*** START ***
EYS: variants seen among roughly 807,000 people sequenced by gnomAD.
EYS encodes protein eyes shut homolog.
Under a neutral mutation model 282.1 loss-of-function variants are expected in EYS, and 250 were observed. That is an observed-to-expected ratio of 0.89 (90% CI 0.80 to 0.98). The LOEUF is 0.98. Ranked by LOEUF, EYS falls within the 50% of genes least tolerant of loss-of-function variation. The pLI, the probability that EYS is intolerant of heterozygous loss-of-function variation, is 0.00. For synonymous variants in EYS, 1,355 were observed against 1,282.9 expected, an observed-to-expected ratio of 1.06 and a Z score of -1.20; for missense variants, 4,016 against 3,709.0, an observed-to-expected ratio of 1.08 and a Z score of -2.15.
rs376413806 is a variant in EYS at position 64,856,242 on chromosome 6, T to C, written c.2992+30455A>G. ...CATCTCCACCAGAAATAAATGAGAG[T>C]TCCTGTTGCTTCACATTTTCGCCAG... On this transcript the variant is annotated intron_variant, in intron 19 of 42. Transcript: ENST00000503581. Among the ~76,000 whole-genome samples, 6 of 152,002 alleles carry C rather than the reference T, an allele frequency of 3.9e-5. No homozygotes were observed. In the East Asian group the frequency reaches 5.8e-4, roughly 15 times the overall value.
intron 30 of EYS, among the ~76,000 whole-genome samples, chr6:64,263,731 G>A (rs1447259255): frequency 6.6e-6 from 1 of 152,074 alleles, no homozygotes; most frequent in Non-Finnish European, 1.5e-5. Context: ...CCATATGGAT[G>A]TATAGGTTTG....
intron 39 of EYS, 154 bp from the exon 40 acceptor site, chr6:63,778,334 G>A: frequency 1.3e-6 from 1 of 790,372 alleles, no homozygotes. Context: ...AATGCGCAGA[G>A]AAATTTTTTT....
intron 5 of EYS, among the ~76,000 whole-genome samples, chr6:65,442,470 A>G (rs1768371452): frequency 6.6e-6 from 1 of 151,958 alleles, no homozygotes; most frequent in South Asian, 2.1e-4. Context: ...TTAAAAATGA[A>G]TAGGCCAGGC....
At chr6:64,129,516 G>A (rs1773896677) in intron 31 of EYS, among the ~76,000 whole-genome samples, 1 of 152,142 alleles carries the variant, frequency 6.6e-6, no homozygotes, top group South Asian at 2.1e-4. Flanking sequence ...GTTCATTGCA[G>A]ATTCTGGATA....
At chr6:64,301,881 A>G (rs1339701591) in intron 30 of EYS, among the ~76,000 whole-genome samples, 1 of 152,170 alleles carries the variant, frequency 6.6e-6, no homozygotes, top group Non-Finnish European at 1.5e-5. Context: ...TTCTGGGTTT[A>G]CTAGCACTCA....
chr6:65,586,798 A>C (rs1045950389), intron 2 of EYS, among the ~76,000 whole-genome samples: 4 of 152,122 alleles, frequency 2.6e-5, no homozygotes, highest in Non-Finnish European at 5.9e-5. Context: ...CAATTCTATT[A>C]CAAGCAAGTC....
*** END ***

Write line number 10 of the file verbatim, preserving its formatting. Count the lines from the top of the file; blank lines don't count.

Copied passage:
chr6:65,586,798 A>C (rs1045950389), intron 2 of EYS, among the ~76,000 whole-genome samples: 4 of 152,122 alleles, frequency 2.6e-5, no homozygotes, highest in Non-Finnish European at 5.9e-5. Context: ...CAATTCTATT[A>C]CAAGCAAGTC....